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Preparing Your Child for Their Covid-19 Vaccination

Injections can be a terrifying experience for a child, but it can be made less nerve-racking with your help and support as a parent or caregiver to tide through it as smoothly as possible.

As much as it is good news that COVID-19 vaccines are now safe to be administered to children, getting jabbed by a needle can still be a daunting and traumatising experience for them. This is especially so for some children with special needs, such as those with autism. The process of getting vaccinated involves travelling to an unfamiliar location and going through a novel experience which can increase one’s stress reactions. Hence, leading up to their COVID-19 vaccination appointment, preparing your child mentally and physically can help ease the process of and provide a smoother experience for both your child as well as yourself as a parent or caregiver. With that said, the following are a couple of tips you can follow to kickstart the preparation process leading up to their scheduled appointment.

Role-playing and social stories/visual supports

Role-playing ahead of their vaccination appointment gives them some sense of comfort as it provides predictability for the events that are going to happen (Early Autism Project, 2022). Going through the motion and rehearsing the series of events that will play out on the actual day helps your child to understand the steps to getting vaccinated, allows them to familiarise themselves with the medical equipment they would expect to see, and how these medical equipment would be used. As important as it is to go through the vaccination procedure, it is also important to incorporate what happens after they get the jab, namely, the 30-minute monitoring period (Schisler, 2021). You may also incorporate activities your child could do to make time pass faster during the monitoring period. For instance, drawing or reading a book might be helpful depending on your child’s level of ability.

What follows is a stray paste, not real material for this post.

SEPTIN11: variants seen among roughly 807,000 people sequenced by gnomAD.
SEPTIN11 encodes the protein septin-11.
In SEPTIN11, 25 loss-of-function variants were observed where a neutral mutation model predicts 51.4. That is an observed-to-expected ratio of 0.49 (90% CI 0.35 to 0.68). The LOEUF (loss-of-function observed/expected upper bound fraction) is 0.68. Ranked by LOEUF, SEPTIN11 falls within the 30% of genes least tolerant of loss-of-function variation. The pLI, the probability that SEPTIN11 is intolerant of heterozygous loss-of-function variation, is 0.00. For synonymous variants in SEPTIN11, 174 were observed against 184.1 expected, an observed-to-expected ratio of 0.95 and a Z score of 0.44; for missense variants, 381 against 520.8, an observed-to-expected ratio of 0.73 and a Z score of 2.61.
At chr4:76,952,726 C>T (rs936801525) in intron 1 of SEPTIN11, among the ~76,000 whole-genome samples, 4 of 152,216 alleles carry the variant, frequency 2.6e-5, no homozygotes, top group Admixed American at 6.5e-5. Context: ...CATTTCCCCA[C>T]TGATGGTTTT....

If you choose to opt for the use of social stories or visual supports over role-playing, you may consider using videos (preferable) or pictures.

Below are some tools that you may find helpful:

Using a distraction

There are two schools of thought on the idea of using a distractor. It can be useful to divert their attention or block their view from the injection site to distract them from the discomfort or pain from the needle (Schisler, 2021; Early Autism Project, 2022). However, on the other hand, doing so may also induce higher levels of stress as they may experience shock from not knowing when to anticipate the discomfort. As you would know your child best, you may make a judgement call of which would work better for your child.

Prepare a strong reinforcer

This will help greatly in getting your child to develop a positive association with the vaccination process and reduce their stress and anxiety when it comes to going through the process again when the time comes for their additional doses to be administered in a couple of months. Some children may need frequent small reinforcement after each stage of the vaccination process with the biggest reinforcer being rewarded after they complete the entire process, so you should tailor it to your child’s needs.

Written by: Brenda


Aptus Treatment Centre. (2021, January 16). Social Story: Preparing to get the COVID-19 vaccine. Strategies if you feel nervous about needles [Video]. Youtube.

Early Autism Project. (2022, February 21). Preparing children with autism for vaccination. Early Autism Project Malaysia.

Schisler, E. (2021, February 18). How to prepare individuals with autism for the vaccine. Autism NJ.

UCUCEDD. (2021, February 20). COVID vaccine social story english w music [Video]. Youtube.

Vella, P. (2020, May 13). Getting an injection social story 1. Autism Association of Western Australia.

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